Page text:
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do you mean by authorized ? and of subject will have to be fully considered course we have to tell them ; it really at the approaching meeting of the Conseems necessary that the authority should ference, to have obtained a general excome out now-a-days when people are so pression of the sentiments of the friends inquisitive as to what-doctrinally--is. will very materially tend to aid the Mr. Day was induced to deliver this members of the Conference in arriving course, by a lecture by the Rev. Mr. at a just and wise conclusion on the Woods, B.A., Unitarian minister. I in- point.

JOHN HYDE, tended to have heard him, but, it being

9, Sacheveral-street, Derby. the first Sunday of the month, and a April 6th, 1865. special occasion with Mr. Day, I could not forego the certainty of a substantial South LONDON SOCIETY. - The anfeast for an uncertain treat; but the nual general meeting of this society was Rev. gentleman hearing that some of us held at the Literary Institution, Newwould like to read his manuscript, kindly ington Causeway, Southwall, on the 24th lent it to the New Church friends. Its January, when the chair was taken by title, published and placarded about the Mr. Edward Austin, the leader. The streets, was, “Swedenborg : his spiritual proceedings were of a very satisfactory insight and religious speculations. Well, character. We quote such passages from we read it at our house, and I can say the first annual report as appear to be that not you, or any other New Church most generally interesting :man, could utter such a eulogy without “The society was formally constituted a blush; we almost blushed to read it. at a general meeting held January 7th, He heaped on E. S. all Emerson's praises, 1864, when the Faith of the New Church without his detraction ; he advised his having been read, the members' book auditors to follow his (Mr. W's) example, was signed by sixteen friends; since and read the works of Swedenborg ; as, then, there have been thirty-three more suring them that they could not fail names added, thus raising the number to rise from the perusal of them, “wiser of the society to forty-nine registered and better men. However, Mr. Day members. * * * * is not the man to be dazzled by any of “Mr. Austin has delivered several the idols and trinkets of the Assyrian courses of lectures on subjects calculated camp, but plainly pointed out the differ- to awaken inquiry, which have been well ence between reading enough of our advertised both by handbills and in the great author's works to be able to give a local newspaper. These have been well popular lecture thereon, and inculcating attended, and it is hoped have been the the doctrine and living the life which means of doing much good. One of those works enjoin."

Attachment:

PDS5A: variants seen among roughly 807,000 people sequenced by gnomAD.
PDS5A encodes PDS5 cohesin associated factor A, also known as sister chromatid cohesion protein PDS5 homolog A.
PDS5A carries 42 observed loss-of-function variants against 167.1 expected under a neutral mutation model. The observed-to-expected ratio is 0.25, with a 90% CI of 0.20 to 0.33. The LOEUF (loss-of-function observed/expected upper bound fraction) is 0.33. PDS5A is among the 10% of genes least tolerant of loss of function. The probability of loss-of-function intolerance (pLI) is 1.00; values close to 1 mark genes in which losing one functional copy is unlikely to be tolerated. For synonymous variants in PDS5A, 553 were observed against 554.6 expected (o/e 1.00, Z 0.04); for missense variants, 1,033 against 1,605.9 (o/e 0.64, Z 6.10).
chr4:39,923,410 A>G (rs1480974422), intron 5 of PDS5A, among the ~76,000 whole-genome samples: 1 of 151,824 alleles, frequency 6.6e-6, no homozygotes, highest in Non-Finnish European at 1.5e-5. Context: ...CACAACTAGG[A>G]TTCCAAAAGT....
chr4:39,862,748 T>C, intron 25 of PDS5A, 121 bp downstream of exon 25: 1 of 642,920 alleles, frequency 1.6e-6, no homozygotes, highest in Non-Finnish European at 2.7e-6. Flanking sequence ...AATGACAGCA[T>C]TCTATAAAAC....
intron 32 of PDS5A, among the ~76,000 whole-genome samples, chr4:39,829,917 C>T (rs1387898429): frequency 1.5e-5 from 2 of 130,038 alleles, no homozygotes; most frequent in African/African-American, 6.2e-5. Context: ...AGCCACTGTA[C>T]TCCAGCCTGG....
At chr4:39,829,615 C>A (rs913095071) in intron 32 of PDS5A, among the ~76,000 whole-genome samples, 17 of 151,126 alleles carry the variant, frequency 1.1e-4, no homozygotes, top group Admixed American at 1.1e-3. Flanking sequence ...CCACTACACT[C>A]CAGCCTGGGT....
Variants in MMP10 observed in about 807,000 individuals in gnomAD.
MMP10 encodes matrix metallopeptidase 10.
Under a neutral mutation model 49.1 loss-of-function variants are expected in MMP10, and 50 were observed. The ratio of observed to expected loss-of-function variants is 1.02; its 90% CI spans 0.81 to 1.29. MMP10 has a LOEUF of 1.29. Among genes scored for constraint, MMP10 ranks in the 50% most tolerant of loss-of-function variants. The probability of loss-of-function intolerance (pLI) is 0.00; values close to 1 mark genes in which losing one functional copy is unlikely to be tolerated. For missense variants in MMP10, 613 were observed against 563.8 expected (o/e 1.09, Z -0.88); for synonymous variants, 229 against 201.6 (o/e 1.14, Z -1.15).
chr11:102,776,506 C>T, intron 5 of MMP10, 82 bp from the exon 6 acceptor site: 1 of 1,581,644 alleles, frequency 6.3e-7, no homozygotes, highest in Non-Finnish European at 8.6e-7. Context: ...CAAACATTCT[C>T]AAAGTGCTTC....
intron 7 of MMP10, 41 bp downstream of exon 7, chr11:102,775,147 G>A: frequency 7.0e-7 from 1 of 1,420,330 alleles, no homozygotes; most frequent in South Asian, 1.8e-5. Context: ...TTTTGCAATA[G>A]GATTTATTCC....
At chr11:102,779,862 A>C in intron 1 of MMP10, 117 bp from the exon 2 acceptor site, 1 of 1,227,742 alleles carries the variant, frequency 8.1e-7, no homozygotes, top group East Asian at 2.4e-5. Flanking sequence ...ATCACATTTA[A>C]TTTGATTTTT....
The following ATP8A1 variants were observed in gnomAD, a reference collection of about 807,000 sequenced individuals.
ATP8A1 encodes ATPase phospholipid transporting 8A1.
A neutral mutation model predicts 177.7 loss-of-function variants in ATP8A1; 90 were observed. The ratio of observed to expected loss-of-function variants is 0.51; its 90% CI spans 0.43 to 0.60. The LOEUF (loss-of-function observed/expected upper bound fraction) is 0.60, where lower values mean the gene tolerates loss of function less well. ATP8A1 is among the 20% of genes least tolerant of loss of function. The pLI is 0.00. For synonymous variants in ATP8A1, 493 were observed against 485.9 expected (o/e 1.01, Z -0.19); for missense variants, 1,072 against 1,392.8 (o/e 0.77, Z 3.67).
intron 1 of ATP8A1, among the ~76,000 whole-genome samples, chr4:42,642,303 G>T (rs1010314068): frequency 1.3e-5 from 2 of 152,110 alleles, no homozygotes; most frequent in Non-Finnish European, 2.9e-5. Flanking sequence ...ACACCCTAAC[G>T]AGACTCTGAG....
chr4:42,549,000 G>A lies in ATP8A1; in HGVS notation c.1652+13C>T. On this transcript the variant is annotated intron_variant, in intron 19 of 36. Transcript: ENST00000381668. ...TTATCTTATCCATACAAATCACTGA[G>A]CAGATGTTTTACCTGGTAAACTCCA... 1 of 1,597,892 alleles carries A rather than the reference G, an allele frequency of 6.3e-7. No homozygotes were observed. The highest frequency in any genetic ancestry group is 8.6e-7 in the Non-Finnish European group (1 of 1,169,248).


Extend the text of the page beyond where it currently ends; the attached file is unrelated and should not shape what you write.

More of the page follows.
these lectures calls for special remark.

. The Rev. Mr. Spurgeon some time past THE CONFERENCE HYMN Book.-Per- delivered a discourse on "Baptismal mit me through your columns to request Regeneration,' which attracted consider. the members of the various societies, and able attention in the religious world. Mr. likewise all the friends who are interested Austin thinking it desirable that the in the Conference Hymn Book, seriously publie should have an opportunity of hearto consider the following three ques- ing the question discussed from a New tions, and to favour me with the results Church point of view, delivered a lecture of their consideration and investigations on the same subject. The committee at as early a date as possible :